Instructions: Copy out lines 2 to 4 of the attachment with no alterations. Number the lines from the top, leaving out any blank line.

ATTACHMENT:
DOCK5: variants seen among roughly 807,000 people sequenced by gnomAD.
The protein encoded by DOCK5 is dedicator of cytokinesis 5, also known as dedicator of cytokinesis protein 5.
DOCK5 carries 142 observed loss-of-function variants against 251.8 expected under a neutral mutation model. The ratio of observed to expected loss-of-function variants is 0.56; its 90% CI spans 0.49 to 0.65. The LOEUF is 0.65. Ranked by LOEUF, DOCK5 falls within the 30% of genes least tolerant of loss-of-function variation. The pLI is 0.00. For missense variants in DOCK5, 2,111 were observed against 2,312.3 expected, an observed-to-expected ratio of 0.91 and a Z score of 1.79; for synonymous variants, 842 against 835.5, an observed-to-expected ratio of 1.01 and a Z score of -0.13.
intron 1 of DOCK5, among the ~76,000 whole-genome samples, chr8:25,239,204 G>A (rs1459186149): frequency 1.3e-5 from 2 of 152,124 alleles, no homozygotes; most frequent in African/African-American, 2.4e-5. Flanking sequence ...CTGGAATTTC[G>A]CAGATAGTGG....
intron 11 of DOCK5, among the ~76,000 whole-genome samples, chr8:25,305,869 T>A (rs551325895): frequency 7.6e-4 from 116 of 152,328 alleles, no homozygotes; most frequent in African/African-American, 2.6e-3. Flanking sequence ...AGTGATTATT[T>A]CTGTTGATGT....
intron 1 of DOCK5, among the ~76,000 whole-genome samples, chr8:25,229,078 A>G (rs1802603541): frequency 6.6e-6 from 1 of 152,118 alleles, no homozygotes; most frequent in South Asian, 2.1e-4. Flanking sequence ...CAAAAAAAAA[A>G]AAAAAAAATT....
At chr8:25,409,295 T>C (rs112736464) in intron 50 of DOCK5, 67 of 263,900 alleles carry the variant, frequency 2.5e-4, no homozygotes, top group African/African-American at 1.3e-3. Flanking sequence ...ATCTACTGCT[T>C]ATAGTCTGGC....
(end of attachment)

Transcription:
The protein encoded by DOCK5 is dedicator of cytokinesis 5, also known as dedicator of cytokinesis protein 5.
DOCK5 carries 142 observed loss-of-function variants against 251.8 expected under a neutral mutation model. The ratio of observed to expected loss-of-function variants is 0.56; its 90% CI spans 0.49 to 0.65. The LOEUF is 0.65. Ranked by LOEUF, DOCK5 falls within the 30% of genes least tolerant of loss-of-function variation. The pLI is 0.00. For missense variants in DOCK5, 2,111 were observed against 2,312.3 expected, an observed-to-expected ratio of 0.91 and a Z score of 1.79; for synonymous variants, 842 against 835.5, an observed-to-expected ratio of 1.01 and a Z score of -0.13.
intron 1 of DOCK5, among the ~76,000 whole-genome samples, chr8:25,239,204 G>A (rs1459186149): frequency 1.3e-5 from 2 of 152,124 alleles, no homozygotes; most frequent in African/African-American, 2.4e-5. Flanking sequence ...CTGGAATTTC[G>A]CAGATAGTGG....